Image - Cacao Pod Vessel - K6706 © Justin Kerr FAMSI © 2006:
David L. Lentz

Ancient Maya Plant Use Activities and Agroforestry at Tikal, Guatemala
Interim Report
Vea este informe en Español.

Figure 2. Seeds and wood samples were further analyzed by the author, David L. Lentz, and students at the University of Pennsylvania Museum, using a scanning electron microscope (SEM) at the Field Museum.

Research Year:  2004
Culture:  Maya
Chronology:  Pre-Classic to Post Classic
Location:  Guatemala
Site:  Tikal

Table of Contents

Specific Objectives
Contribution to our Current Understanding of Ancient Mesoamerican Culture
List of Figures
Sources Cited


The goal of this project is to conduct a paleoethnobotanical study of the plant materials from Tikal, perhaps the preeminent civic-ceremonial site of the ancient Maya. Although no paleoethnobotanical samples per se were collected during excavations, there were over 1500 samples collected for radiocarbon dating (a purpose for which they are no longer needed), and many of these weigh over 100 g.  The PI of this project, Lentz, went to the University of Pennsylvania University Museum in May of 2004 to talk with curators, inspect the Tikal plant materials and arrange for shipment. The personnel at the University Museum were extraordinarily kind in all respects and shipped the Tikal plant remains to the Chicago Botanic Garden on June 20, 2004.  The remains arrived without incident and were received in good condition. These samples are composed almost entirely of seeds and charred wood. Unearthed from strata ranging from Pre-Classic (ca. 450 B.C.) to Terminal Classic/Post Classic (ca. A.D. 900+) times and represent an extraordinary opportunity to study the plant use practices of the ancient Maya in the heart of their foremost polity.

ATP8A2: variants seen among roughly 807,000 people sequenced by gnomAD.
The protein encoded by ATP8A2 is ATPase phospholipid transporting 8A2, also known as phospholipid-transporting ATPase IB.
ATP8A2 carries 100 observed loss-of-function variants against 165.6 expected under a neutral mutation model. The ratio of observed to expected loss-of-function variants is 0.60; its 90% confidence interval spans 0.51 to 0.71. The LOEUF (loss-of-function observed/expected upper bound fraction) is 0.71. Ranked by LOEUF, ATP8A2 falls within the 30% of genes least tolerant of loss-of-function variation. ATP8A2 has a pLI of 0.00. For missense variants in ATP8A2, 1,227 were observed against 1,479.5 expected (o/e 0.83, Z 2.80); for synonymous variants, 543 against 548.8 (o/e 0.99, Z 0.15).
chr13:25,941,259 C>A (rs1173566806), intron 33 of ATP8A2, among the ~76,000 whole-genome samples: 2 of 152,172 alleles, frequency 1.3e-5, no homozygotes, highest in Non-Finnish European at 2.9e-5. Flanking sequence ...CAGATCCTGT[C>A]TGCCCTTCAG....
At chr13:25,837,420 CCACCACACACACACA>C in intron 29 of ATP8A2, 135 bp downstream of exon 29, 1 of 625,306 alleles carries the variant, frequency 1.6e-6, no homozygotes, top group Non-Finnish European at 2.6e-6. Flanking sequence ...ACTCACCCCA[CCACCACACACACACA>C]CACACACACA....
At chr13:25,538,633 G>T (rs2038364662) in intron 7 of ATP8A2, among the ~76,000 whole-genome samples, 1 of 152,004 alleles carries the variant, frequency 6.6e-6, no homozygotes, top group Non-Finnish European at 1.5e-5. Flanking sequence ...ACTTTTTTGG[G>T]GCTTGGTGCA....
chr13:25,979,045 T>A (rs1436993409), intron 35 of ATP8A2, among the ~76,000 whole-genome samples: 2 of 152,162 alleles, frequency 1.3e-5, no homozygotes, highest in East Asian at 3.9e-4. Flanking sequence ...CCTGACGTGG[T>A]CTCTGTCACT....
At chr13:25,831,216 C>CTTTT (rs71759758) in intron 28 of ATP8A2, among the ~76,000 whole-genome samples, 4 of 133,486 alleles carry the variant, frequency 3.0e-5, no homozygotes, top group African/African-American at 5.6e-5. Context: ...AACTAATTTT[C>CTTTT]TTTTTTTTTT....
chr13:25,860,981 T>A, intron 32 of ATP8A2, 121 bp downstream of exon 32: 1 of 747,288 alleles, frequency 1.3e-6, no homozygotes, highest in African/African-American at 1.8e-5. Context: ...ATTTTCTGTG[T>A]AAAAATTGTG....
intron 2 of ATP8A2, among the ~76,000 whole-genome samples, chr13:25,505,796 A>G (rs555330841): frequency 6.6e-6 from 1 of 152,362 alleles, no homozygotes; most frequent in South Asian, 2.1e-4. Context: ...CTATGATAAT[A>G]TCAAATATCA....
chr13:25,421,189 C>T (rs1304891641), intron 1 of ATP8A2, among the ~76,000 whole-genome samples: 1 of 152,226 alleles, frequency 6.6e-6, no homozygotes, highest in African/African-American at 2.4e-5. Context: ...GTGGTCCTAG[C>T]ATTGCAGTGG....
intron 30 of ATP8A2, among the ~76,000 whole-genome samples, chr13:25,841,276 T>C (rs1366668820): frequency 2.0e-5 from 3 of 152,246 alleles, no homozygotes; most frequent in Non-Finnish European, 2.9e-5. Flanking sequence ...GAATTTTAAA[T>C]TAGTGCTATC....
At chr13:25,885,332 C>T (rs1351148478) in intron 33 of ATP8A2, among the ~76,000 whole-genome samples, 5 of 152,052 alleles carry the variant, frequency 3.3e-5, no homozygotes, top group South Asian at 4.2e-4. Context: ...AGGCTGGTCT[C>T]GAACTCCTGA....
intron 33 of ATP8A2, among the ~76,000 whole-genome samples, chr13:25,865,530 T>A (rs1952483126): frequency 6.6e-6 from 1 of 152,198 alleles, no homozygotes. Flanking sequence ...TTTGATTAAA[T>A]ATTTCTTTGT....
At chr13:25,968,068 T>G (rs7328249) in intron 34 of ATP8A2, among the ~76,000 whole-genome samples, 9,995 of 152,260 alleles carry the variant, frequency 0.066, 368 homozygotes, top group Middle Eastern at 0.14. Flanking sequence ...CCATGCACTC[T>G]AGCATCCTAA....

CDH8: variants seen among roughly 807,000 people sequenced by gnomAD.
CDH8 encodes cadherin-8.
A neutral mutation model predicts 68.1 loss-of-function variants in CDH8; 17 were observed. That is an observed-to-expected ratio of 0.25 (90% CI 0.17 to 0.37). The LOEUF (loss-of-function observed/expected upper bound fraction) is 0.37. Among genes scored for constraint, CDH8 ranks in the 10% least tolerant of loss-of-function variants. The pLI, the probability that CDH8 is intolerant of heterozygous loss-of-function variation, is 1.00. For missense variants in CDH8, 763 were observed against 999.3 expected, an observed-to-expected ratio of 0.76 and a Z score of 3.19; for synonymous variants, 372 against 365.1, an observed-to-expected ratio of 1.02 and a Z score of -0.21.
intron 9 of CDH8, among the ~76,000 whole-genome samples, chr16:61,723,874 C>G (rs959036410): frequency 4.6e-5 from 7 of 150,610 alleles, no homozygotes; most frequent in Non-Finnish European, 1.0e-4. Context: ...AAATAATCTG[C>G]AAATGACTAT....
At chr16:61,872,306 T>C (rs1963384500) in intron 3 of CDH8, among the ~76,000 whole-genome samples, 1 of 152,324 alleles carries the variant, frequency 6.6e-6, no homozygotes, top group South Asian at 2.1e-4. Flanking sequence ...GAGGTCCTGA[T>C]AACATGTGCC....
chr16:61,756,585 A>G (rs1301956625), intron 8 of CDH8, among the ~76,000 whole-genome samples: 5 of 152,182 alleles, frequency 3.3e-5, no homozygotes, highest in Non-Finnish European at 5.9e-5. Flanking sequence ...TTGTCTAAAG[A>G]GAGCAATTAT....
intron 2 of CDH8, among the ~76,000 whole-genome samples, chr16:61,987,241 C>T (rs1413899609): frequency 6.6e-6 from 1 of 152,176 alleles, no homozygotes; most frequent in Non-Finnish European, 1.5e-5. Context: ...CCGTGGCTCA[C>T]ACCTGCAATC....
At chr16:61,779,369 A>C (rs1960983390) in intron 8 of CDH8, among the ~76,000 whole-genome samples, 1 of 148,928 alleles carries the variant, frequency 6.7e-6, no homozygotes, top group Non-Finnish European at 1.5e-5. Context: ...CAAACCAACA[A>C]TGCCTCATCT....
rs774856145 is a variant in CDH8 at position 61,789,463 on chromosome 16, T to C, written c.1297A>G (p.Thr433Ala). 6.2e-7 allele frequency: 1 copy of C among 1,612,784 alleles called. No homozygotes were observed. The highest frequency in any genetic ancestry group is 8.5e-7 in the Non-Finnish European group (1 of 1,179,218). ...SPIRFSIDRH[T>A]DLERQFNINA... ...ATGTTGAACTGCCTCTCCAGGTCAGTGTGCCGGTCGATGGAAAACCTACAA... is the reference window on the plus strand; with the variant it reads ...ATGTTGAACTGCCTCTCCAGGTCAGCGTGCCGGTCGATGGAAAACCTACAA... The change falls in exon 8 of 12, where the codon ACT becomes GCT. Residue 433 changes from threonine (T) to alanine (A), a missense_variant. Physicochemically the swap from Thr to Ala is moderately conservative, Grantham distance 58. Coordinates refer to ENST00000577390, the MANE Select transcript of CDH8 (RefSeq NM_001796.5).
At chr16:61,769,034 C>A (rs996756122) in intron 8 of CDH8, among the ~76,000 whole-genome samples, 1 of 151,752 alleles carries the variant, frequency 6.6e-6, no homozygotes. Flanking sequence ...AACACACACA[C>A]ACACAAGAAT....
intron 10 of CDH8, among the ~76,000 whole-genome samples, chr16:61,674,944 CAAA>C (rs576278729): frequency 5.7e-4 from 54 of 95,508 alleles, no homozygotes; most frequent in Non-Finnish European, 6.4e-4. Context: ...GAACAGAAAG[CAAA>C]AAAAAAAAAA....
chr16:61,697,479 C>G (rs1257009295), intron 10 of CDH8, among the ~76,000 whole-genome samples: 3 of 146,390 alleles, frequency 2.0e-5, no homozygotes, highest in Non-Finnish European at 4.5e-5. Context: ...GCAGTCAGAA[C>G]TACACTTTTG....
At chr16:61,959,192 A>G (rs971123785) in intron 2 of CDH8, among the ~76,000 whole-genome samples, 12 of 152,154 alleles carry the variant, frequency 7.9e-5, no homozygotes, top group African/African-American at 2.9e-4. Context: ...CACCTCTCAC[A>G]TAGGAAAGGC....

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Ancient Maya Plant Use Activities and Agroforestry at Tikal, Guatemala  (457 KB)

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Submitted 08/26/2004 by:
David L. Lentz, Ph.D.
Chicago Botanic Garden
1000 Lake Cook Road
Glencoe, IL 60022

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